Coronavirus update: The deadly SARS-CoV-2 virus ruin lives – how’s your mental health?

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On October 12, Prime Minister Boris Johnson set out the three-tiered system of local COVID Alert Levels in England. Now, most of the nation is living under high or very high-alert restrictions.

Tier 1 (medium alert level)

  • The “rule of six” applies, meaning socialising in groups larger than six people is prohibited whether indoors or outdoors (exceptions apply);
  • Exceptions include weddings, whereby 15 people can attend, and funerals, which can have up to 30 people in attendance.
  • Businesses and venues can continue to operate, but pubs and restaurants must ensure customers only consume food and drink while seated, and close between 10pm and 5am.
  • Takeaway food can continue to be sold after 10pm if ordered by phone or online.
  • Exercise classes and organised sport can continue to take place outdoors, and – if the rule of six is followed – indoors.
  • Places of worship remain open but people must not mingle in a group of more than six.

Tier 2 (high alert level)

  • People are prohibited from socialising with anybody outside their household or support bubble in any indoor setting (for outdoors, the rule of six applies).
  • Exercise classes and organised sport can continue to take place outdoors but will only be permitted indoors if it is possible for people to avoid mixing with those they do not live with (or share a support bubble with), or for youth or disability sport.
  • People are advised to reduce the number of journeys where possible.

Tier 3 (very high alert level)

  • People are prohibited from socialising with anybody they do not live with or have not formed a support bubble with in any indoor setting, private garden or at most outdoor hospitality venues and ticketed events.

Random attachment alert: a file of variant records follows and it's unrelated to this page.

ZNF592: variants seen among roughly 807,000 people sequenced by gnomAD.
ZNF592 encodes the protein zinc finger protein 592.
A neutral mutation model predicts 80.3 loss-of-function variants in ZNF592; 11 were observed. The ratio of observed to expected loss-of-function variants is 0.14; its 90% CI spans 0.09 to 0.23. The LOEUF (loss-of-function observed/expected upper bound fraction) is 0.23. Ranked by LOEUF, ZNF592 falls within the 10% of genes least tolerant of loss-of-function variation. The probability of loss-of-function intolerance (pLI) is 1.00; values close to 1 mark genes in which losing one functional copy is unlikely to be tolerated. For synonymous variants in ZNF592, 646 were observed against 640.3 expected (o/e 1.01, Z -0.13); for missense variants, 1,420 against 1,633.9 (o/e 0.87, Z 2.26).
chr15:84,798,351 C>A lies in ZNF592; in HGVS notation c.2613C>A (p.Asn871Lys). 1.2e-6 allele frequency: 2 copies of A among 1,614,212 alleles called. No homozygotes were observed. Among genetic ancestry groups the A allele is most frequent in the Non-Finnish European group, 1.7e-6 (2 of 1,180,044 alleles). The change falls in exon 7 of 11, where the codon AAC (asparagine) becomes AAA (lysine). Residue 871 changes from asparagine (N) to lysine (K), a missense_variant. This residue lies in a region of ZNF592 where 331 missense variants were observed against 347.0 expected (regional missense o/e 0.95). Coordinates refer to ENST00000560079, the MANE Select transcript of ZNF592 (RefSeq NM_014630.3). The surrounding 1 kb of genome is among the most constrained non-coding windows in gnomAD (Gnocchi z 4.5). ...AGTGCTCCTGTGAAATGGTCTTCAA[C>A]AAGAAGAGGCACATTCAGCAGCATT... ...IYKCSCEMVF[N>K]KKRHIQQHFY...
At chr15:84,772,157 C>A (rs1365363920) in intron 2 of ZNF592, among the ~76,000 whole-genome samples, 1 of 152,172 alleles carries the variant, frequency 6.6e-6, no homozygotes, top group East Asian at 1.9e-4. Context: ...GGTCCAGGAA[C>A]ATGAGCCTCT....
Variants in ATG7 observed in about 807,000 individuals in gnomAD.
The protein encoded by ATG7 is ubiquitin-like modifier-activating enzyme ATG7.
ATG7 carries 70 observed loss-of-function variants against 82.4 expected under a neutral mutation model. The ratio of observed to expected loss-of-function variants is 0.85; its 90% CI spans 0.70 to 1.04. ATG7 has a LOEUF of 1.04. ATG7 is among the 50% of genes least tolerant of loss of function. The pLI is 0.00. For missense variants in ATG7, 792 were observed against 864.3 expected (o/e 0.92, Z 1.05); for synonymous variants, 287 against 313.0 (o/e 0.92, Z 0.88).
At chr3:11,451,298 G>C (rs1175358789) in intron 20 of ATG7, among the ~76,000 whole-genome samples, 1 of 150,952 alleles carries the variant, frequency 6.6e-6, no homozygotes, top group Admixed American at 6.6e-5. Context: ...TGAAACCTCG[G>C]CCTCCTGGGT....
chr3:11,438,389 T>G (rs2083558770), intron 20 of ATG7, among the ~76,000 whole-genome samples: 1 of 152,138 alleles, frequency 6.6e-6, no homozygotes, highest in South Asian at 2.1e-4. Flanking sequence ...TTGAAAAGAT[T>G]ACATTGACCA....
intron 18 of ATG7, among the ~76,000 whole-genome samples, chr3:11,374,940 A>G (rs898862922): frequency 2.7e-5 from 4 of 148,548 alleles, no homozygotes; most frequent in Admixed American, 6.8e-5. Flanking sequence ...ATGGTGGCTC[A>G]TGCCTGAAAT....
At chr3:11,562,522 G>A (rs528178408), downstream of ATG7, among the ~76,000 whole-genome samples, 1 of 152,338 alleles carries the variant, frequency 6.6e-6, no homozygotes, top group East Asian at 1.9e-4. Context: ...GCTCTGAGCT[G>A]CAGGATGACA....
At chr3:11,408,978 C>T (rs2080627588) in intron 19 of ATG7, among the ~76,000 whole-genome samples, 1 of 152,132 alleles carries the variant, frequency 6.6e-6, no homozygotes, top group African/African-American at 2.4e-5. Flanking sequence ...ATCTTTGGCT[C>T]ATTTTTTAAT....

• Pubs and bars are only permitted to remain open to operate as restaurants, in which case alcohol can only be served as part of a substantial meal.
  • Travelling outside a very high alert level area or entering a very high alert level area should be avoided other than for things such as work, education or youth services, to meet caring responsibilities or if travelling through as part of a longer journey.
  • Residents of a tier three area should avoid staying overnight in another part of the UK, while people who live in a tier one or tier two area should avoid staying overnight in a very high alert level area.

As of Saturday, October 17, the UK’s coronavirus hospital death toll has increased by 108 – this is five times higher than one month ago.

The rising number of deaths and infections may cause more people to have their freedom curtailed.

To help support your wellbeing during this trying time, Mind – a mental health charity – has shared its top tips for spending more time indoors.

Home is meant to be a safe haven, so it’s important to find ways to relax.

Some creative activities to try include drawing, painting, collage, sewing or upcycling.

Unwind by meditating, yoga or listening to music; perhaps DIY or colouring is more your thing?

Whether you’re working from home or not, putting into place a visible routine may be helpful.

Keeping a consistent routine, as well as waking up and going to bed at the same time is recommended.

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“Your plan can include how you’ll spend your free time as well as working hours,” explained Mind.

Keeping a “clean and tidy” space can also have a positive mental impact – and good hygiene practices can help stop germs from spreading.

It’s also advisable to keep in contact with people who you enjoy sharing time with.

Contact could be electronic – email, a phone call, FaceTime, Zoom – or meeting up to take a walk together can be therapeutic.

Mind added: “Bringing nature into your everyday life can benefit both your mental and physical wellbeing.

“It can improve your mood, reduce feelings of stress or anger, and make you feel more relaxed.”

This can be achieved by potting plants, opening the window and listening to bird songs.

“Keep your brain occupied and challenged,” asserted Mind. “You could read books, magazines and articles. Or you could listen to podcasts, watch films or do puzzles.”

If you’d be interested in learning new material, FutureLearn and OpenLearn offer free online courses.

There are also lots of apps available if you’d like to practice a new language.

If you’d like more information on how you can keep in good mental health, visit Mind.

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